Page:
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Last Updated: Saturday, 1 January, 2005, 10:21 GMT
Chip and pin change takes effect
Chip and Pin machine
The new system is designed to cut card fraud
Retailers yet to sign up to chip and pin will now be liable for fraudulent transactions as changes to the card payment system come into force.

From Saturday responsibility for fraud moves from the banks to those shops who have not upgraded to the new system.

The Association for Payment Clearing Services said a "Europe-wide liability shift" would take place in January and hit shops which have not upgraded.

Shoppers will now use their four digit number instead of signing for goods.

The new hi-tech system is intended to fight the 400 million a year of fraud on credit and debit cards.

Potential flaw

Businesses who have upgraded will be protected for PIN and signature transactions.

An Association for Payment Clearing Services (APACS) spokesman said shops who had made the upgrade would gain protection "regardless of whether it's an old card or a new chip-and-PIN card, as long as the retailer conducted the same security checks they previously did to ensure that the card is not lost or stolen".

But the National Consumer Council has warned of a potential flaw in the new approach.

The FPB has been deeply concerned for some time that chip and pin is being crowbarred in by the banks, which are desperate to transfer liability for fraud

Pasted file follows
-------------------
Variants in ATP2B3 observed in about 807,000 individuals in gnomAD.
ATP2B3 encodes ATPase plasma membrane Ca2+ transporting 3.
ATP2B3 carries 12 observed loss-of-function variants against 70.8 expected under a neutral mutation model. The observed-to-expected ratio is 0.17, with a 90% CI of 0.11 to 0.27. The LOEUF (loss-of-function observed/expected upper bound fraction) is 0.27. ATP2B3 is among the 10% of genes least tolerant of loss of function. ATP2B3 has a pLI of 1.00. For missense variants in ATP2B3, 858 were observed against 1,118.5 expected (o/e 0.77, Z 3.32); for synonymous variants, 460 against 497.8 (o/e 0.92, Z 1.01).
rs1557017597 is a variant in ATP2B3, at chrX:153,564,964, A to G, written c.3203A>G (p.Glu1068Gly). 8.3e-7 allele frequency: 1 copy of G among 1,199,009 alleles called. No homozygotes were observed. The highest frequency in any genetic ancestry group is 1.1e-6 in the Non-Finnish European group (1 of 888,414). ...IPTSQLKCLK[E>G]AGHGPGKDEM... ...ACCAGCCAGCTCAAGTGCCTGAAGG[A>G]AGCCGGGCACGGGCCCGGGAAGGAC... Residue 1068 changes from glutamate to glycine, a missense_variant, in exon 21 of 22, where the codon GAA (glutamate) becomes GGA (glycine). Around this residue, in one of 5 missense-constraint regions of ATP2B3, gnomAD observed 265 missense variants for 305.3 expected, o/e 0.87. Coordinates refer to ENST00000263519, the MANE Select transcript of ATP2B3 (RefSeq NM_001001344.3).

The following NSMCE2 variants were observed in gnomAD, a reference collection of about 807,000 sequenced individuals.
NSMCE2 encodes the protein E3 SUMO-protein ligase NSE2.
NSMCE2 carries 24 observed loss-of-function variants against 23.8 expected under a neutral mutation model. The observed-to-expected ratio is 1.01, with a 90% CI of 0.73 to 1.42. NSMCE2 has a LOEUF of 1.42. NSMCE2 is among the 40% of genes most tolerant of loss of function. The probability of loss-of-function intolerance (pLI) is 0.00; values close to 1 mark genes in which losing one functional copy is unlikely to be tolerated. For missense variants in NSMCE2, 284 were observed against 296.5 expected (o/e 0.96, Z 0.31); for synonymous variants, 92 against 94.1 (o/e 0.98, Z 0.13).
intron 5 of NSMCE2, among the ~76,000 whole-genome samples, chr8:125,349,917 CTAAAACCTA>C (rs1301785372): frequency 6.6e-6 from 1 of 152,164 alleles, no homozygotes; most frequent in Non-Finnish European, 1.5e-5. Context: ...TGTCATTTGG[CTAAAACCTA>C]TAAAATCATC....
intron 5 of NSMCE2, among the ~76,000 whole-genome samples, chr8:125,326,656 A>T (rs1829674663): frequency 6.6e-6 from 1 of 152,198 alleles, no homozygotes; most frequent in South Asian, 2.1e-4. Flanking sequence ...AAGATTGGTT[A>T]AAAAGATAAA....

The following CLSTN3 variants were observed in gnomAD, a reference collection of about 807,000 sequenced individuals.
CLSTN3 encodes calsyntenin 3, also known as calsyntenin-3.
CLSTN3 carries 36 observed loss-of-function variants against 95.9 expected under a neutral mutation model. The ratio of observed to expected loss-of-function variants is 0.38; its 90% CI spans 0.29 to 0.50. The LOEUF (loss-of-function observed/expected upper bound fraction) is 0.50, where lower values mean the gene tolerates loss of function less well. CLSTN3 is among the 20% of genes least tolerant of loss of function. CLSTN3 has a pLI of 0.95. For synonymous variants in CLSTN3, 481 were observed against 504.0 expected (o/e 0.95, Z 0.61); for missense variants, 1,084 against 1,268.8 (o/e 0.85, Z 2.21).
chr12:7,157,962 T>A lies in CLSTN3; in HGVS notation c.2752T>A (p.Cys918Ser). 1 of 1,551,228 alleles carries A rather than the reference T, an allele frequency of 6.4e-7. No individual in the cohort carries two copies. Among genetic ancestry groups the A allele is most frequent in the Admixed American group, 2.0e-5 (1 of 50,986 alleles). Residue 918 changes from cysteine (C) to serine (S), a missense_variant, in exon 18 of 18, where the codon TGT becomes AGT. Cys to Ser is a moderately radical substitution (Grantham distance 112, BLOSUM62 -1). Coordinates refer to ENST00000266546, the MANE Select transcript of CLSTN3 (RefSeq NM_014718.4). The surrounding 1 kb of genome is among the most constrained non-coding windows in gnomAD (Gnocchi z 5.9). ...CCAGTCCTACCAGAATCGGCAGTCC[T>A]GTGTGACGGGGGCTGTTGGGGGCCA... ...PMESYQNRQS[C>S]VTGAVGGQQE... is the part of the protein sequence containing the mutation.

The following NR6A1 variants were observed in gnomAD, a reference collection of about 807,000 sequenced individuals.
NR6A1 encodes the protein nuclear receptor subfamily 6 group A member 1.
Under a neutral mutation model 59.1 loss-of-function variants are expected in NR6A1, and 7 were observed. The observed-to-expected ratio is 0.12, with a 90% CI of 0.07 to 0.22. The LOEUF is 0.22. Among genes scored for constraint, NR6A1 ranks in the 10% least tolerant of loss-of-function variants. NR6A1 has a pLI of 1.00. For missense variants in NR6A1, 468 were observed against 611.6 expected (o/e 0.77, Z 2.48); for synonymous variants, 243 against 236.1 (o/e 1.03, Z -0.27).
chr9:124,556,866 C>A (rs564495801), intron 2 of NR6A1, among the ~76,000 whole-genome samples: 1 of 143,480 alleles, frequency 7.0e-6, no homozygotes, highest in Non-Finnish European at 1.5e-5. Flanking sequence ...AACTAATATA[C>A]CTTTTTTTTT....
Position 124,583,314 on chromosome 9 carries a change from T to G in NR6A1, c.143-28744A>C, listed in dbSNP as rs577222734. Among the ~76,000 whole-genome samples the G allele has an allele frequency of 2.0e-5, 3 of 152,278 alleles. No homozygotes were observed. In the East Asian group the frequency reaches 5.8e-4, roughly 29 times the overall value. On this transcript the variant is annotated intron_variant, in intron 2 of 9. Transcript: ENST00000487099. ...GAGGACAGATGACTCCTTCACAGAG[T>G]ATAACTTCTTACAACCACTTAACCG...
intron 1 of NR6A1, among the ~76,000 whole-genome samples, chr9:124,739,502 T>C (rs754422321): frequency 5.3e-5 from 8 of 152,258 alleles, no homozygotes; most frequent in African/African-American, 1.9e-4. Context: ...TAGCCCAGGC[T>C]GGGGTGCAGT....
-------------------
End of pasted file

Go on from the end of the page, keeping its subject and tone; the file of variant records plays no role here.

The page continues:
Forum of Private Business spokesman

It says someone who has had both their card and PIN number stolen may find it difficult to prove that they have been a genuine victim of fraud.

And the move has angered some business groups who claim the banks are pushing through the changes to reduce their own liability before retailers and consumers are ready.

BBC Radio 4's Money Box programme has learnt that many retailers still do not have chip and pin technology installed, while banks have yet to upgrade 53 million cards, about four out of 10.

'Going well'

The Forum of Private Business said the changes - which it described as the greatest since decimalisation - would result in chaos.

"The FPB has been deeply concerned for some time that chip-and-PIN is being crowbarred in by the banks, which are desperate to transfer liability for fraud," it said.

However, APACS have stressed the programme was on course and going well.

A spokeswoman said: "As we start 2005 we're exactly where we aimed to be: over 600,000 of the UK's 860,000 tills have been upgraded to the new, more secure way to pay, and more than three in four of us have at least one chip and pin card in our wallet."

She added that millions of cards will be upgraded throughout 2005.

  • BBC Radio 4's Money Box will be broadcast on Saturday, 1 January, 2005, at 1204 GMT.

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    25 Aug 04 |  Business
    Q&A: Preventing card fraud
    10 Nov 04 |  Business


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